Uskay baad, paani me 'Bath' karoonga.  [After that I will have bath in water]  [This is English 'bath'!]
Notice the common word 'Baath', all having different meaning?

My Hindi-speaking team mates of cricket would not understand the last line I had framed!   They have enjoyed my Hindi!  All said and done, our 'national language' Hindi is still Greek to me.

I close, showing some certificates.

These three are my aunt's as I mentioned at the top.

Finally, this is mine, from the 'Doosri' exam. These were off-school exams.  They must have thought very hard to give me a 'third class' at most!


Tuesday, January 22, 2013

Birds of feathers and metal

 The spotted owl was still screeching.  I was up early and was already watering the plants before the Mysore sky received its first ray of sunlight.  The odd silence at this time of the day was real and brought back memories of early mornings of yore, say 30-35 years, but when it was not exactly silent on that count. 

I can clearly recall how House Crows crowed in chorus from the tree branches trying to wake everyone up.  Their population was aplenty.  So also the now-gone-from-here House Sparrow which co-existed and woke up later.  Come evenings, they would all fight for their tree-branch space for the night and the sparrows chirped from the shrubs.

Very often we have returned home at night from errand-outings with a splash of crow shit on the vertex or on the shirt.  And in the middle of the night when some crow dreamed and cawed, other crows would wake up and caw-caw-caw which disturbed the neighbourhood's sleepers.  Now that is missing.  Their numbers have alarmingly dwindled and there is no cawing at day break.  The Asian Koels usually wakeup in its 'singing season' at half past four, but we don't hear the crows.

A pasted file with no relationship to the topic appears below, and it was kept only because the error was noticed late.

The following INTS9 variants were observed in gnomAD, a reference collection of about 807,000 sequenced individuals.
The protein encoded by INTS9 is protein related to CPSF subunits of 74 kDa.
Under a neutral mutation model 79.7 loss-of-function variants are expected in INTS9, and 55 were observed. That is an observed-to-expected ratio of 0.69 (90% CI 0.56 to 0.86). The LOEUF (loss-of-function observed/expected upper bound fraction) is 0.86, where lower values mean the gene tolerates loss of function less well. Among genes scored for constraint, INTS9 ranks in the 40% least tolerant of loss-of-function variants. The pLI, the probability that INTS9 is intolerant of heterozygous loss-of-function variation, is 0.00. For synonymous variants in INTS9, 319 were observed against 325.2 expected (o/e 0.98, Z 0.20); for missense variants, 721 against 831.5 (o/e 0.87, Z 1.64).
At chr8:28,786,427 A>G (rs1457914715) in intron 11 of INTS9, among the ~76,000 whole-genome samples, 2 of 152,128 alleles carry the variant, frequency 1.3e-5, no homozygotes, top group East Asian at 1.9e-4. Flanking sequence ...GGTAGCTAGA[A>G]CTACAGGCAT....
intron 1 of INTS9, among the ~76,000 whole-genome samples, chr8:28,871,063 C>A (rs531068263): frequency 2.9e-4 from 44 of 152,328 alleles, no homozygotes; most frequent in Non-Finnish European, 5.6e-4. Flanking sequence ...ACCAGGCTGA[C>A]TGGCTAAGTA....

Modernization has not helped crows to thrive happily though many are seen flying here and there.  There are a couple of them which come down and caw, as if asking, when I take my breakfast out near the pond.  So I share a few pieces with them.  These crows seem to recognize me and I hear they can too.  This morning also I had this opportunity to feed.  Also in religious belief, they are seen as representatives of our dead ancestors and the crow-feeding ritual is an important item during their annual death ceremonies. I have a bird bath where some of them often visit to quench their thirst. Some are friendly and they wont fly away even if I am close by.  So much crowing about crows.  Enough, now for some pictures, both from recent archive.

The ad [in Kannada] says 'I am waiting for you'.

At my bird bath for a drink.

Back to the early morning and the owl.   The sky was brightening.  I spotted on the tree branch outside the gate, a pair of Spotted Owls.  They were only about 15 feet away.  I brought out the camera.  After a couple of shots, they flew away, one after the other.  The flash fired at it made the eyes appear red.

Indian Gray Hornbill is another common bird here.  It came by to the neighbour's tree.  One of the couple is out of this picture.  

Much later, I happened to see a glistening object in the sky which was now brighter.  It was a metal bird and I could see its reddish body, the red was from the just emerging red sun which was still not visible down here.  During January, the sun rises from behind the Chamundi Hill, as viewed from our locality.  The rays were already reaching the aeroplane up there from above the hill.  It was quite a sight.  Click to enlarge the images.

There was another plane that flew past in the same direction a long while later when I still had the camera hanging on the neck and the sky had got its blue. With a small airport now functioning at Mysore, there will be some metal birds in our skies and I hope there wont be any bird-hits.  About 30 years ago, there was a weird dream, not once, but twice, some years apart.  I was looking at a plane that had settled safely on a tree and I was running to watch it from up close and on the other occasion, I was watching it come down and settle on a tree!!